"You know how Instagram works; Garima and I keep talking about it," says Sukriti Chopra, alluding to how she and Garima Bakshi started their passion project, Single Origin: a platform for regional and artisanal Indian products (primarily food and beverage, but there’s plenty more space on the brandwagon for other verticals) to showcase their wares.
The two 27-year-olds who run a social media marketing firm, Think Single Origin - while stuck indoors along with the rest of India during the lockdown - came across a bevy of domestic products from said country on the interwebs, and realised there’s a cornucopia of local artisanal products of excellent quality that fail to make a mark in the market because they fail to crack the algorithms that run social media platforms.
"A lot of us have the tendency to equate quality products with imported products, and don’t realise the absolute treasure trove of local, artisanal brands that can provide you ingredients of a standard comparable to foreign goods. It’s just that they get lost in all the clutter that clogs up Instagram feeds," says Chopra.
It was while she and Bakshi were on home chef mode during the lockdown, and searching for locally sourced and produced ingredients, sauces, and whatnot that they discovered what’s waiting out there.
They commenced to document culinary creations using those ingredients on a sister Instagram page, Single Origin Kitchen, along with the recipes and pictures of the finished dish. "We were amazed at the kind of response we got.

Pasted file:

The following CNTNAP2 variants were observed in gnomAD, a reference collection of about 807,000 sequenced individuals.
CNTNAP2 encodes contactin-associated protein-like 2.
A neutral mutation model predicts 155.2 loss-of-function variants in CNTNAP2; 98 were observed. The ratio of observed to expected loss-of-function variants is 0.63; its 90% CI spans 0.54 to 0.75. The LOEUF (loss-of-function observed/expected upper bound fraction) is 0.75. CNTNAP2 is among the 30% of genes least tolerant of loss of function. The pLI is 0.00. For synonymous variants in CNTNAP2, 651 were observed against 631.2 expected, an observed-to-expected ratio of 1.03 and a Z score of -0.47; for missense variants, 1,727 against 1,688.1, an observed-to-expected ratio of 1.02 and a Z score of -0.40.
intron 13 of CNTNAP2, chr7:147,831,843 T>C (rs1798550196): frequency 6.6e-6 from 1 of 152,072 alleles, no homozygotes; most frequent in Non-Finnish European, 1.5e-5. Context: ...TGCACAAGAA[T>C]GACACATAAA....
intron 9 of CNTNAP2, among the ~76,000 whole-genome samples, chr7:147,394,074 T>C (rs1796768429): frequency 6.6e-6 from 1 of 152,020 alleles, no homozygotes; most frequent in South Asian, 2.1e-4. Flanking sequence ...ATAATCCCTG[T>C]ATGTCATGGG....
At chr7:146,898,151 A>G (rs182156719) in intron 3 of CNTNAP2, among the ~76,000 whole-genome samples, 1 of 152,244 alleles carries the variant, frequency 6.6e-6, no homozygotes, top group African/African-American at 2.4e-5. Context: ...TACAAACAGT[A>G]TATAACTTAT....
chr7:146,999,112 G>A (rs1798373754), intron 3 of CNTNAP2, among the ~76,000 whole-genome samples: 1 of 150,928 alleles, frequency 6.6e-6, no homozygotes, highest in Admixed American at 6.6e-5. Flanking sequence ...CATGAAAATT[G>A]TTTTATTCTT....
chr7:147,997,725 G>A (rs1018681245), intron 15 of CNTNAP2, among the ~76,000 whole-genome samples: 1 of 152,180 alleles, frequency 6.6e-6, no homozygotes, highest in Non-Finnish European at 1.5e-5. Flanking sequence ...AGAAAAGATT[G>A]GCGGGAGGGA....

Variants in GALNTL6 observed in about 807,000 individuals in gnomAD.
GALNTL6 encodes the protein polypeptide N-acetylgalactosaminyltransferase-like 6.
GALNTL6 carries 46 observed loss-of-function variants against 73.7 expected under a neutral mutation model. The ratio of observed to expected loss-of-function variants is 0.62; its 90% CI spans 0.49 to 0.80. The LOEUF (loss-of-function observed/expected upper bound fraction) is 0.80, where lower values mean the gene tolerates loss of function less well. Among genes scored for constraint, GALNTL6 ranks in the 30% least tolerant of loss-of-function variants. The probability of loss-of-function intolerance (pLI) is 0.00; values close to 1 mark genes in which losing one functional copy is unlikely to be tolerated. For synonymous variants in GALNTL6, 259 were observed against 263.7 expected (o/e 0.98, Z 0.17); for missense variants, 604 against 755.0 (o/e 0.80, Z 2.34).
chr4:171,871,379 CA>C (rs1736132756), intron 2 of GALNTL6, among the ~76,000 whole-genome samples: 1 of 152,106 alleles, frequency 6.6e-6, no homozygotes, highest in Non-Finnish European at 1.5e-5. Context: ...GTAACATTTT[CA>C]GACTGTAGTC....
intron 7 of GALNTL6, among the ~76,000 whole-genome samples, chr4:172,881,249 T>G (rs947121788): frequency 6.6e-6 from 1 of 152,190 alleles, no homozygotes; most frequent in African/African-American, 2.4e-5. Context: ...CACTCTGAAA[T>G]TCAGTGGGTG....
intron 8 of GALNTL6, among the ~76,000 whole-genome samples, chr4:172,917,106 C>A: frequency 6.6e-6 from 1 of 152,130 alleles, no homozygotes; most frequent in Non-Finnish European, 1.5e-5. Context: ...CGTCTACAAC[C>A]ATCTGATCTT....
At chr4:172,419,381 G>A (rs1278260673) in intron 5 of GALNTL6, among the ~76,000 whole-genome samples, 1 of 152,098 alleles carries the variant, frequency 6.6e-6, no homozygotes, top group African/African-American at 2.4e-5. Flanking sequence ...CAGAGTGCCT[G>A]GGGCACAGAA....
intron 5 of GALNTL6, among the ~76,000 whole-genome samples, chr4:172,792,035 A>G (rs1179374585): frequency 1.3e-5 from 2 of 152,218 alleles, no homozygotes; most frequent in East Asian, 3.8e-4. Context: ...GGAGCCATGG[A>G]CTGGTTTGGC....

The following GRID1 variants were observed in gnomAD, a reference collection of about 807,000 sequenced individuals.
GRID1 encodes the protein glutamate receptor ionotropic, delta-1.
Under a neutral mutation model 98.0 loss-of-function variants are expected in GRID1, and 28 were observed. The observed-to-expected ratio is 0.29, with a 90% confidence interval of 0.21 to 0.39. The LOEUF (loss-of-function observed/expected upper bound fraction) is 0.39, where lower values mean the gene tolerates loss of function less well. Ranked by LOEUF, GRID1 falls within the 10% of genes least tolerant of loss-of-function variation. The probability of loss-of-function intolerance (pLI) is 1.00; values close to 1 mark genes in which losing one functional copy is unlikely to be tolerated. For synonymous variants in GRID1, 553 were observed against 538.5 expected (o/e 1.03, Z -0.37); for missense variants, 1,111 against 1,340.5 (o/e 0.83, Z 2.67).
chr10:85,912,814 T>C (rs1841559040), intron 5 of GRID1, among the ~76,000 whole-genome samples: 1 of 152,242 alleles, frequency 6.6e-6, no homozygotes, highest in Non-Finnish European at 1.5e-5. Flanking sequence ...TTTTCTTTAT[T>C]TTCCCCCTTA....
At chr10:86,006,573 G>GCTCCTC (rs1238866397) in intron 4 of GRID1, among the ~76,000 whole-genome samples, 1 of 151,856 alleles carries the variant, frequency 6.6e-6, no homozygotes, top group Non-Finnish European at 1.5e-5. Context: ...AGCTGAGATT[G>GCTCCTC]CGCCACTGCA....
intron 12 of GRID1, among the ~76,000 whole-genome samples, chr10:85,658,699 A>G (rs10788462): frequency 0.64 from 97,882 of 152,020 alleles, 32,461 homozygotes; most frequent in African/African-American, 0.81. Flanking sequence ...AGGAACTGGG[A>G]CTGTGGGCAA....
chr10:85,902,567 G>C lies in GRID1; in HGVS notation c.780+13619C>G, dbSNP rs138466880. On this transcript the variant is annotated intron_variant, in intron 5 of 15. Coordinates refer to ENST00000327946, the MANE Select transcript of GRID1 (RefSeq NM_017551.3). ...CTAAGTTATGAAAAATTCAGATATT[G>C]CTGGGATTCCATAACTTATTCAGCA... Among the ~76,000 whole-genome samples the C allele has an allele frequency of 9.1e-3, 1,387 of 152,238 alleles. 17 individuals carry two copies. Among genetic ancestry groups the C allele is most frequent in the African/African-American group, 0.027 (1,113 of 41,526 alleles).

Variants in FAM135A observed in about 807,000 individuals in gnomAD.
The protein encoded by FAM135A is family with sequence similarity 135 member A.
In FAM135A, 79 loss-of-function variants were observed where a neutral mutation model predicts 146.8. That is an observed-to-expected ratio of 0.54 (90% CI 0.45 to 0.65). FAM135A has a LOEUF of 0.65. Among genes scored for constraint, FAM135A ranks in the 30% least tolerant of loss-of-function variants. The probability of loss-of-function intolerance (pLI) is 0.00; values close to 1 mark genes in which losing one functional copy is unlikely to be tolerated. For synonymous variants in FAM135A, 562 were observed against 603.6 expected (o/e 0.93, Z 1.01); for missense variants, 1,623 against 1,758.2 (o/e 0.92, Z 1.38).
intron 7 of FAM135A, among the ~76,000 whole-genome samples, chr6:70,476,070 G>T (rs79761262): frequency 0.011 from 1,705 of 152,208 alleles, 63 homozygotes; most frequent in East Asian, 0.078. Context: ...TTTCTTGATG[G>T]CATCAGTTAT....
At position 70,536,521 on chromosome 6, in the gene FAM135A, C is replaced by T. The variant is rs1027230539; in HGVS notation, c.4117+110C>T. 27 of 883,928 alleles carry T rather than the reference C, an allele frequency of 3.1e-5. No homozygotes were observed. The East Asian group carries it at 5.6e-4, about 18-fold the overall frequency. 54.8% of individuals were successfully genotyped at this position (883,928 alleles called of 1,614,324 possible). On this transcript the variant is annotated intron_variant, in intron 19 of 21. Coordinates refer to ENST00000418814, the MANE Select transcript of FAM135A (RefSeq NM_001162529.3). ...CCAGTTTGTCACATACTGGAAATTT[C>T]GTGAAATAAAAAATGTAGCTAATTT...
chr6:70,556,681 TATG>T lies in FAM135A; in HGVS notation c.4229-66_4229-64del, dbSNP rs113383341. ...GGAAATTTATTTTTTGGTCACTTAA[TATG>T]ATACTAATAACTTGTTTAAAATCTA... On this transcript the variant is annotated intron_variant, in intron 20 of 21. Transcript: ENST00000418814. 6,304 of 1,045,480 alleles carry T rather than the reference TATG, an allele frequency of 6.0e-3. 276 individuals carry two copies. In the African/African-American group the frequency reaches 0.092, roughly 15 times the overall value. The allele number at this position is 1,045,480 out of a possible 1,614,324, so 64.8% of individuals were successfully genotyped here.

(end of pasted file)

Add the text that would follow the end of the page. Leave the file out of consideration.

People were DMing us for recommendations on various products, and companies were getting in touch to send us test samples so that we could feature them. That’s when we decided to create a platform specifically aimed at pushing these amazing products, made in our own country," elaborates Chopra.
And that is what’s on the cards next for Single Origin. An online marketplace featuring Indian products, set to go live in the third week of September. Not to say that anybody can get featured on the site. "Either Garima or I test out each product we feature. Sometimes, if someone whose palate we trust recommends something, then we order it and try it out ourselves before getting in touch with the company to see if we can feature it," says Chopra.
Indeed, even before setting up on Instagram in late June, the two had already catalogued and tested out tranches of foods and drinks to pepper their pages with. "In fact, we found endless options in each category once we started looking," says Bakshi, noting how she and Chopra started consciously looking out in supermarkets and grocery stores for local artisanal goods, which were aplenty, even in categories previously confined to foreign conglomerates.
"When we are out shopping, we automatically pick the most representative brand of any product we want, and often that means the big foreign FMCG companies. But if you look out for them, the small Indian brands are out there too, and despite not getting their due, their products are much fresher, because they haven’t been brought here from far away, and can hold their own against the foreign competition," signs off Chopra.
In a nutshell
While Sukriti Chopra and Garima Bakshi were on home chef mode in the lockdown, they were amazed by the locally sourced and produced ingredients. They then documented culinary creations on a sister Instagram page, Single Origin Kitchen, with recipes and pictures of the finished dish.